Vitamin D and omega-3 fatty acids supplements fall short when it comes to disease prevention

Published: February, 2019

Image: © Hunterann/Thinkstock

Research we're watching

For years, many have speculated that taking vitamin D and omega-3 fatty acid supplements might help to prevent heart attacks, strokes, and certain cancers. But a study by Harvard researchers published online November 10, 2018, by The New England Journal of Medicine has found that the benefits may be more limited than originally hoped.

The results of the Vitamin D and Omega-3 Trial (VITAL), which enrolled more than 25,000 people and ran for more than five years, showed that while omega-3 supplements did appear to reduce the risk of heart attack, particularly among African Americans, they did not appear to be effective in preventing stroke or cancer. Vitamin D supplements also saw few benefits when it came to preventing heart attack, stroke, or cancer — but they were associated with a drop in cancer deaths in people who had taken the supplements for at least a year or two.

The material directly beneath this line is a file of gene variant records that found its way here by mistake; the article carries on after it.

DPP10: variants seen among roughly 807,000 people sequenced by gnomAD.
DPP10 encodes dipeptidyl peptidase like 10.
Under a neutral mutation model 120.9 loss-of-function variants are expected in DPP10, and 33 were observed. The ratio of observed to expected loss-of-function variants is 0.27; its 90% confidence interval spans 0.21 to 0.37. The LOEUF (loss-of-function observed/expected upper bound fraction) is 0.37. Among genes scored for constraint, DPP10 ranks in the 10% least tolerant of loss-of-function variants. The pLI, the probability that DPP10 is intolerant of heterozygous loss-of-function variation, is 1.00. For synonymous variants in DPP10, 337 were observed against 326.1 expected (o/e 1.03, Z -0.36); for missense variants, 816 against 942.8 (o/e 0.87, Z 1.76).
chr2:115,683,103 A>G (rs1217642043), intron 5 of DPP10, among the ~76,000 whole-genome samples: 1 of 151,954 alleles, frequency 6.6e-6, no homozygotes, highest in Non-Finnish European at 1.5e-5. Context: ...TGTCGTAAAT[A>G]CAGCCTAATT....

Researchers will continue to follow study participants to gather additional information and will be releasing more findings from the study later this year.

As a service to our readers, Harvard Health Publishing provides access to our library of archived content. Please note the date of last review or update on all articles. No content on this site, regardless of date, should ever be used as a substitute for direct medical advice from your doctor or other qualified clinician.